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Arl. & Esser, & to make Esser jealous of Arl. & Will. Harbord, hoping, I mean Ranelagh, thereby to shelter and save himself; but I pray believe y' W. Harbord is & wilbe to yo last hour of his Life faithfull to you. I dare pawne my life for him.


My LoRD, Dublin Castle, Aprill 9", '74. In y' LP of y" 31 of March you gave me a hint of my Ld. Ranelagh's having some knowledge of y" substance of my Life dated yo 17th of March (wherein I discoursed something concerning his LP Undertaking), & that even before yo Lie went out of my owne pockett. I have long had an apprehenöön that his LP hath practised y” opening of Lies (w", if you please but to aske my Lord of Ossory, he can tell you how dextrous he is in things of this kind). I formerly gave y' LP some intimacions of my Jealousies herein, by a Lie dated yo 28% of Jan., & sent by Cap Crofts. Here is one Dorilaus (syn, as I am informed, to Dr. Dorilaus, who, in yo Time of ye Troubles, was killed beyond ye seas). This man hath very good skill in opening & decyphering Lies. He hath bin observed to be often about yo Post Office, & if he be not employed by y' LP, or any other Secretary of State in England for Intelligence here, I have a great suspicion he is made use of by some others for that purpose, & very possibly by my Lord Ranelagh, for things of this nature are commonly carried so in yo darke, & under such disguises, as 'Tis not easy to discover ye Truth. I thought it not amiss to give y' LP notice of this, that you might guess wo" way Intelligences of this sort may come, & to doe it by a very safe hand, such as I know this Gentleman to be.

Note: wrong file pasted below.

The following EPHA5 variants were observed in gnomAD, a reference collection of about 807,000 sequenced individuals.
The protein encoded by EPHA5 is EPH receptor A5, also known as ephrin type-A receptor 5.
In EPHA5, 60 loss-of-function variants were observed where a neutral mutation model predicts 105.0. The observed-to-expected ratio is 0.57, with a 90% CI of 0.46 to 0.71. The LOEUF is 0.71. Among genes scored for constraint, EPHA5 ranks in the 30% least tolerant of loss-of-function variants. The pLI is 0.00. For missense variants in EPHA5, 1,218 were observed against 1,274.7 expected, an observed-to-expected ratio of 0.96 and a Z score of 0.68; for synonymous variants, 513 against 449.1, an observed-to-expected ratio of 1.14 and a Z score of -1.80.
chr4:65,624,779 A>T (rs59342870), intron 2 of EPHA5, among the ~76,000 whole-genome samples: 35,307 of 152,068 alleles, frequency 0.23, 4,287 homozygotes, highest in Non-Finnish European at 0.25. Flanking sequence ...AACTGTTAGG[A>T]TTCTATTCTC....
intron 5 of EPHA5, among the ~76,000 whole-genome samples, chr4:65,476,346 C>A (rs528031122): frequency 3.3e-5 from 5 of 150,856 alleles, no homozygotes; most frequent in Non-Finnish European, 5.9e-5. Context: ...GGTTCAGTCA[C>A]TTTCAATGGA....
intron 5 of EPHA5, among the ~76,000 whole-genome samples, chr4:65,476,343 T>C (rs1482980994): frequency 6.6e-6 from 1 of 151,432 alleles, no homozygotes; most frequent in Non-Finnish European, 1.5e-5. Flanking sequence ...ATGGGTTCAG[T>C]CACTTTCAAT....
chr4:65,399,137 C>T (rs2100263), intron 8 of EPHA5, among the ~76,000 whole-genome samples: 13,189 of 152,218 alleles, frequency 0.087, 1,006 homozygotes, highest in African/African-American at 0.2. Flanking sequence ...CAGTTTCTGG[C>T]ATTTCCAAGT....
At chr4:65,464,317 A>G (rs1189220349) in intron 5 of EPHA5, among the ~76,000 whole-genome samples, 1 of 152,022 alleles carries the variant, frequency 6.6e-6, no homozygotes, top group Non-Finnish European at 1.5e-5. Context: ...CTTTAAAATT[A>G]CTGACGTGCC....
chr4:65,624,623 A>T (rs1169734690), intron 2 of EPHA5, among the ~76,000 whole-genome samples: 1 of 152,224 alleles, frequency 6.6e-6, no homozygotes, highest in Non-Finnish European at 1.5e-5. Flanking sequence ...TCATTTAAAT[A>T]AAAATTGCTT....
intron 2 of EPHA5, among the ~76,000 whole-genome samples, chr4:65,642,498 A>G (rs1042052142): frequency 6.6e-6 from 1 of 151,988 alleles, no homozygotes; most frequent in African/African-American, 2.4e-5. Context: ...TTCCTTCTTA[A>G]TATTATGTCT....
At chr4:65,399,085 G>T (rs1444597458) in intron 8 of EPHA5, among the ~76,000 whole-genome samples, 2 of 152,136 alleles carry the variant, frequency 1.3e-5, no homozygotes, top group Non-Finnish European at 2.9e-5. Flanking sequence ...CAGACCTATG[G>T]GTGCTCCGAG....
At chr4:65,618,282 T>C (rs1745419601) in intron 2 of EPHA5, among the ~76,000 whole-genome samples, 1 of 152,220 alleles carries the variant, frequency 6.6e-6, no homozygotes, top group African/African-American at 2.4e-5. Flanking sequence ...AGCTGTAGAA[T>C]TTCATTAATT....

CAMD. SOC. 2 E . VOL. I.


MR. HARBORD, Dublin Castle, Aprill 11”, '74.

Having lately bin a hunting journy in ye country, I found those parts where I was soe excellent for sport, as indeed I know none equall to them in England. I have now bin twice there, and doe perceive that by my giving countenance to those sort of recreations, it beginns to incline people to keep Horses more then formerly was accustomed. Upon this occasion there is a plate sett up at Kildare to be run for constantly every year, & I hear there is eight or nine Horses in keeping for that Match. Now, besides y particular pleasure that I take in hunting, I am apt to believe that such meetings & recreations are not without their use even to yo publick, it giving opportunitie for good company to meet together, & for yo Lieu' to be better acquainted w” severall persons & gentlemen of ye Country, wo" otherwise he would scarce know ; but above all it will most certinly encourage y” breed of good Horses, won may perhaps be as good an Improvem' to this Kingdome as anything that can be thought of; & if any man did but reflect how much y” Horses of England are mended since y King himselfe used to goe to Newmarkett, from what they were before, it may easily be guessed what impression such a sort of encouragem' here would make in ye like kind.